We Are Social’s guest columnist, Federico Sferrazza from www.daxueconsulting.com, provides insight on what makes Chinese students want to study abroad, and why foreign universities must increase their local social media presence to attract them.
In recent years, Western universities looking to attract Chinese students have had to increase their efforts to develop a strong identity within the region. This is undoubtedly due to the rise of social media, which is ingrained in the daily lives of prospective Chinese students, and influences much of their decision making, from what clothes to buy to where they should study abroad.
Previously, information regarding foreign universities was harder to come by and depended only on league tables and word-of-mouth. However, these days Western universities have the opportunity to heavily influence potential students in China and build a strong ‘brand,’ based on factors outside of just academic records.
In this regard, the power of social media as a tool to draw large numbers of students from across the world cannot be underestimated. However, successfully wielding this tool requires understanding of local Chinese platforms, which can be an overwhelming prospect for universities who do not have relevant help in doing so.
This article will examine the reasons why such vast numbers of Chinese students choose to study abroad, and how universities can capitalize on this through methods such as strengthening their local social medial presence.
Popularity of Western universities for Chinese students
Western universities have long-succeeded in enticing Chinese student to their campus’, with The Chinese Ministry of Education reporting 523,700 Chinese students studying abroad in 2015. Although this represents a new record, it is also the second consecutive year in which growth has fallen short of long-term averages, suggesting that the number of Chinese students going abroad seems to be stabilising. Given that China has long-been the world’s largest supplier of international students, we must ask ourselves why this is.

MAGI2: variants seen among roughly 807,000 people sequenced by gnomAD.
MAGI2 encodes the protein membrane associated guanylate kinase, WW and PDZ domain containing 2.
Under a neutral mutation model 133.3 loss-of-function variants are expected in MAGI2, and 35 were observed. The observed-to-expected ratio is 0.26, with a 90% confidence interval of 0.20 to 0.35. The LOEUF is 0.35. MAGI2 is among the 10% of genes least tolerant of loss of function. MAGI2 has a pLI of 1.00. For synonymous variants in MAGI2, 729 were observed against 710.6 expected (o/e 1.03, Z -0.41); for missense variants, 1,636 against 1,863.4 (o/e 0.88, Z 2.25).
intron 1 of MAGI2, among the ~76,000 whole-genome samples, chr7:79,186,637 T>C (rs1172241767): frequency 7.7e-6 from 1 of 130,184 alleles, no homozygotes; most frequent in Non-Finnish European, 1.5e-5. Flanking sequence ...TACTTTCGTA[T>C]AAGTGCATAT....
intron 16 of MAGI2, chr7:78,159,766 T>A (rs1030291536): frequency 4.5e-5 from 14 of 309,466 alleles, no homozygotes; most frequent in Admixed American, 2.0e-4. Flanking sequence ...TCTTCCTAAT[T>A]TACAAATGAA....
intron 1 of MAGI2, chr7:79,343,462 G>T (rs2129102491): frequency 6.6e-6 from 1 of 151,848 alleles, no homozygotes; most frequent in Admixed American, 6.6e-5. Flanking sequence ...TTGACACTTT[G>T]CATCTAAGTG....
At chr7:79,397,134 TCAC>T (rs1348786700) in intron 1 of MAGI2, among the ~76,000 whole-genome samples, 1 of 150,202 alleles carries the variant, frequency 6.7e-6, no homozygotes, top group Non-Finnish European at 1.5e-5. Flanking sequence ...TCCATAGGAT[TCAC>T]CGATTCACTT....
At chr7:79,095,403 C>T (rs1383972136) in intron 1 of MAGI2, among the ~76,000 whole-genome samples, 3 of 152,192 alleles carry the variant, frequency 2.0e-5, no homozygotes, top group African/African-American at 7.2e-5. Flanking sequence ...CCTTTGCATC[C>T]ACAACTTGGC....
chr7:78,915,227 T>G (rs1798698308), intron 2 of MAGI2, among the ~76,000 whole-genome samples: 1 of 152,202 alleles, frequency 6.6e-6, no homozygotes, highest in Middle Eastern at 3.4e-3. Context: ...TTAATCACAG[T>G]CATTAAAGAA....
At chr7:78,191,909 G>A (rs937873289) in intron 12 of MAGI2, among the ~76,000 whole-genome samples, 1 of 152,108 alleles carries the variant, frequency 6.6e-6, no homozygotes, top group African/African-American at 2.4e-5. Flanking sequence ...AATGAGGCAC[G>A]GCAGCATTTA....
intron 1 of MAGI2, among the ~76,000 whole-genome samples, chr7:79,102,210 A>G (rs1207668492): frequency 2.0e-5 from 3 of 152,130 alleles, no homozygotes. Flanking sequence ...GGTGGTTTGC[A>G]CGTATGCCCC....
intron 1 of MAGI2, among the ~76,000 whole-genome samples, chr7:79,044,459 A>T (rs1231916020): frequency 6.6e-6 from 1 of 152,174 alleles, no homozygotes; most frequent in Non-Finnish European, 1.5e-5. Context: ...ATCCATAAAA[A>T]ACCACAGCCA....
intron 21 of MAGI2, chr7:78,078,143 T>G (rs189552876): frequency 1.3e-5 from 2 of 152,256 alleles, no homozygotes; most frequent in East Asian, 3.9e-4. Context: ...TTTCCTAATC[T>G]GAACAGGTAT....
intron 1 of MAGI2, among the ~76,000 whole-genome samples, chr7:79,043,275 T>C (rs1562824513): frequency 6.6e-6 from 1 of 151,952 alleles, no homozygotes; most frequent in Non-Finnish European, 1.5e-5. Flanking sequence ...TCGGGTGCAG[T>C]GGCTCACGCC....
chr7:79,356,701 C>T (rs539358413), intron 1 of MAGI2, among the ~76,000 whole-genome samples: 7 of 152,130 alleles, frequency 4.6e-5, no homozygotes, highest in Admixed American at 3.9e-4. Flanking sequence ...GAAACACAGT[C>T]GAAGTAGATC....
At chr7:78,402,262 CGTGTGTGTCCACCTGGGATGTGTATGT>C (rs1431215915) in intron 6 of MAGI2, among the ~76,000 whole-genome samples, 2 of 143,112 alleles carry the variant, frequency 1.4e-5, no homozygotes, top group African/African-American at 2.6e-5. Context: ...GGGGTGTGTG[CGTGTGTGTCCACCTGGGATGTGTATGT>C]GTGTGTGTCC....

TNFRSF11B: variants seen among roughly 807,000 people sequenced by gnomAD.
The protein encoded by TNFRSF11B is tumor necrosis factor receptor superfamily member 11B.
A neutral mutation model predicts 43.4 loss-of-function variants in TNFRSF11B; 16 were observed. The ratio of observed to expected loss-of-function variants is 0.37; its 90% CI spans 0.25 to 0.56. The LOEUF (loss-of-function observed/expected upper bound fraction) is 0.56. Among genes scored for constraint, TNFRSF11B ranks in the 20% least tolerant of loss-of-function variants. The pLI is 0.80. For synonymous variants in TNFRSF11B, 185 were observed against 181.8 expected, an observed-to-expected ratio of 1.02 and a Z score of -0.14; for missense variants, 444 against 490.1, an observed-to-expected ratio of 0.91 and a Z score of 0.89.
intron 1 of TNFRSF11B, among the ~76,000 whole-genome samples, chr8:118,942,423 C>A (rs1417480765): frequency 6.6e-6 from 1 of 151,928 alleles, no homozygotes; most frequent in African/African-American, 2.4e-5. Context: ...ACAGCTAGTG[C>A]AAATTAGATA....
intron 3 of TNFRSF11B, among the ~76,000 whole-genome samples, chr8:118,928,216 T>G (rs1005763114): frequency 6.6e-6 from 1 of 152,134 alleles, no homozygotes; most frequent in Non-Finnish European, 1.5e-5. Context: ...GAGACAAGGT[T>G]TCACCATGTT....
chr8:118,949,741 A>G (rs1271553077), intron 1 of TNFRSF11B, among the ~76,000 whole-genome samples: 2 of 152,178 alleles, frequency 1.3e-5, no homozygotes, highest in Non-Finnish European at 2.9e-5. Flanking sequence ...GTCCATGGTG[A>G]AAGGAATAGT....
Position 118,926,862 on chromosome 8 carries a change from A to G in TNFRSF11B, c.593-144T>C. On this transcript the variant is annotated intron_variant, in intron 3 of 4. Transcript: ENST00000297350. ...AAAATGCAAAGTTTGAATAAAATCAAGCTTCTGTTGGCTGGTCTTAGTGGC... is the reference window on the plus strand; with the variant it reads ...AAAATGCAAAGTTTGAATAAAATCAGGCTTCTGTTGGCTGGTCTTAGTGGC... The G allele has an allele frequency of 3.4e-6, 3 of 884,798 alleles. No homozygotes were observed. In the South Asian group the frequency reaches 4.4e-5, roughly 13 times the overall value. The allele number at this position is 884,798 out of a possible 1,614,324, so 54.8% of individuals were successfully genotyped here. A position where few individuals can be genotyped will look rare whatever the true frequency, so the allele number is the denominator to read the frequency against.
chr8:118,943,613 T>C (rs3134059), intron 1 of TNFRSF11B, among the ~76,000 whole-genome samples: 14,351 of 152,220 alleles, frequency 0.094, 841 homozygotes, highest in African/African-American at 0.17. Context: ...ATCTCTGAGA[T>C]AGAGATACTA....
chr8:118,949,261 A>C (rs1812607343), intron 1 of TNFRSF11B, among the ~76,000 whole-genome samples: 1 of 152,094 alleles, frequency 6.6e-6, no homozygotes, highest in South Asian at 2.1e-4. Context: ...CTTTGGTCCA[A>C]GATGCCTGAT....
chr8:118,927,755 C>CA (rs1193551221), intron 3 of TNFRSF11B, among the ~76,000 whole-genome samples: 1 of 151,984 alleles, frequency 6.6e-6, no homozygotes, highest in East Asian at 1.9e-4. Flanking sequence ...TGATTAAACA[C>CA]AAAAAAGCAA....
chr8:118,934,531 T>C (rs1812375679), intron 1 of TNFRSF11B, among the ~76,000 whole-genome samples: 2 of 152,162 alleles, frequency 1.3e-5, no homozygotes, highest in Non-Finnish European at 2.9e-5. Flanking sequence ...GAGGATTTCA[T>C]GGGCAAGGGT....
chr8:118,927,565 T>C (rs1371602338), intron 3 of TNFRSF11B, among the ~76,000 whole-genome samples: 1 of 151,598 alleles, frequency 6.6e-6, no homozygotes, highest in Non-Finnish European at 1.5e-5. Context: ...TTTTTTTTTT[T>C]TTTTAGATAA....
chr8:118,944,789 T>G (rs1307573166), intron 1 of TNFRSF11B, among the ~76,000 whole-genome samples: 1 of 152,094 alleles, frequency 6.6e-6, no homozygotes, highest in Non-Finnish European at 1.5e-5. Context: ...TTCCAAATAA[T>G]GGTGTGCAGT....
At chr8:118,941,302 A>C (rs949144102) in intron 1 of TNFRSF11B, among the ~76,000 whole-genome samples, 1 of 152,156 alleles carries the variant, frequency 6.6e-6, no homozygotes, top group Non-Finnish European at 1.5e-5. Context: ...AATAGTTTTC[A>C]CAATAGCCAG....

Why do Chinese students go overseas?
Firstly it is important to understand why Chinese students are attracted to the idea of studying abroad in the first place. While research suggests that Chinese students base university applications largely on ranking, other factors also influence their choices. For many Chinese students, studying abroad is a once-in-a-lifetime experience of living in and absorbing a foreign culture. Hence Chinese students also value the socio-cultural aspects of studying at a university in a foreign country.
These observations are consistent with in-depth market research on Chinese students who are studying or going to study abroad. One interviewee said “Chinese students are very career oriented and a brand name university stands out to employers. I always look at the school rankings for the majors I am interested in” (high school student preparing to study abroad). Another student focused on the possibility of full immersion into a foreign country: “I avoid schools with a large amount of Chinese students in order to really engage with the language” (incoming graduate at Drexel university).
Chinese students also consider post-study work opportunities when applying for a university. If there is an attractive job market and favourable visa-policies in the country the university is situated in, they may be more inclined to study there.
What platforms do Chinese students use to get information about universities abroad?